“At Hästens, our mission is to change the way people think about and prioritize sleep so they can enjoy a better quality of life.”

Would we be buying a bed? Yes, but more than that, a “better quality of life.” Better mes. Now don’t get me wrong, they also presented plenty of features–the handcrafting, the natural materials, the old-world traditions. But that was all to support the prime message of how our lives would be better if we got one of these beds.

A post has a great graphic (to which Cooper links):

So you see how this works in the for-profit world.

That’s the thing I rarely see addressed in promotion for performing arts events. How is attending this going to make me, for the lack of better words, a “better person.”

So let’s explore this features vs. benefits issue a bit more.

The printwand post mentioned above has a several excellent examples of benefit-focused selling. One is for Martinelli sparkling cider. I used to buy a lot every holiday season for my kids, so they could have something special when the adults had Champagne or wine.

What are the features?

  • It’s inexpensive.
  • Tastes pretty good (if you like cider).
  • No alcohol.
  • It’s bubbly like Champagne.
  • Little kids think it’s special.

What are the benefits?

Well, if you drink it you don’t get drunk. You can have a good time without spending a lot of money (assuming you don’t want a buzz). Kids like it. So if you or I were creating a promotional campaign for Martinelli, you’d find a benefit to focus on for a particular market. Don’t get drunk and don’t spend a lot.

I’m not sure how to spin that. But someone did, in this case for the partying-adult market.


Pretty cool! You can have a good time, save money, and actually remember what you did the next morning.

Applying This To Promoting Events

Now we are moving into imagination mode. I think the entire field of classical music, including many of the classically-trained musicians who combine genres, can do a better job of, well, evangelizing for our art. Unfortunately, none of us have the kind of cash flow to pay for the sophisticated marketing materials of international corporations like Apple, Hästings, or Martinelli. Most of us have to be our own publicists.

Most of us have no training in this. I just received a flyer from a chamber group in which a friend of mine plays. “The XYZ Ensemble Plays Music By A, B, and C,” the time and date, the location, and the suggested donation. Which is about all most classical-music posters do. Sometimes there are more visually engaging photos, but rarely is the engaging nature of the experience communicated. Who, what, where, when? Those are features. Unless a prospective audience member happens to know the players or is really into those composers, there’s no reason to come. Especially at a time when we are looking to expand audiences, we need to find ways to attract new people to our concerts. If we start thinking about promoting the benefits of attending, we may find new areas of success.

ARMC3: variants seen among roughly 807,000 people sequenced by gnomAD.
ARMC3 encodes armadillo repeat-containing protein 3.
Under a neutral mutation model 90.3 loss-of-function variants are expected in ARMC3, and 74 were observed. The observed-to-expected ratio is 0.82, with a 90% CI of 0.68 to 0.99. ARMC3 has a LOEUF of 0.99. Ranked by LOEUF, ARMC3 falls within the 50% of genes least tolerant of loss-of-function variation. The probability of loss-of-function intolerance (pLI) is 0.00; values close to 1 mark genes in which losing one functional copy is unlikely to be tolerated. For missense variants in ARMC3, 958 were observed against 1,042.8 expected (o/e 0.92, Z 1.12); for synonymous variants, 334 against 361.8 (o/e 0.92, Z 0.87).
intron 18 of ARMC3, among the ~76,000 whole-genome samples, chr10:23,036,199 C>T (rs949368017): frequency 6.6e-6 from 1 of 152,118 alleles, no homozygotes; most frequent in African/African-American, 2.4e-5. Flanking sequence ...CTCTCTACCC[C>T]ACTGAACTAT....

So I’m going brainstorm a bit, using myself as an example. Let’s say I’m doing a concert of Bach Suites. “Edberg Plays Bach.” Cellist Eric Edberg (me) plays, say, the first three Bach Suites for Solo Cello.

You see advertisements for concerts like this all the time. “Gilbert Conducts Swan Lake” is on the New York Philharmonic site and in print advertisements right now. If I’m an Alan Gilbert fan and I like Swan Lake, I may be sold. If I don’t know who Alan Gilbert is and I’ve never heard of Swan Lake, or it brings to mind only images stereotypically affected ballet dancing, then I’m not going to care.

To those in my circle of friends and fans who love both the Bach cello suites and my cello playing, the benefit of coming will be self-evident. But to the rest of the world, I need (or whoever is promoting the concert needs) to let them know what’s fantastic about this music (which many of them may be unaware of), what I’m like as a performer, and why they’ll be better off for having come. And, of course, I’m going to have to play them really, really well–with life and engagement and commitment.

I’m now thinking out loud. It’s extraordinary music that takes us through virtually the entire gamut of human emotion, from calmness to playfulness to heartbreak to anger to violence to triumph, spiritual solace, and unbridled joy. And to me, the great benefit of of a well-played concert is to feel more fully human, more truly alive. It’s inspiring in very true way. (Of course, a boring concert isn’t going to inspire anyone.)

So how about:

An Emotional Journey Ending In Joyful Triumph.


Let Bach Remind You Why It’s Great to Be Alive

And then of course we’d need something about the program and what a great cellist and performer I am, why the venue is a great place, etc.

There are many dimensions to the experience of a particular event, of course. There are the visual aspects, the social aspects, the atmosphere (formal? relaxed? interactive?), and what we might call the theatrical aspects–it can be amazing to see someone come out on stage and play an entire program of music from memory, and that’s something those of us who do it all the time can forget. Depending on the audience, performers, venue, and program, there are infinite varieties of features and corresponding benefits.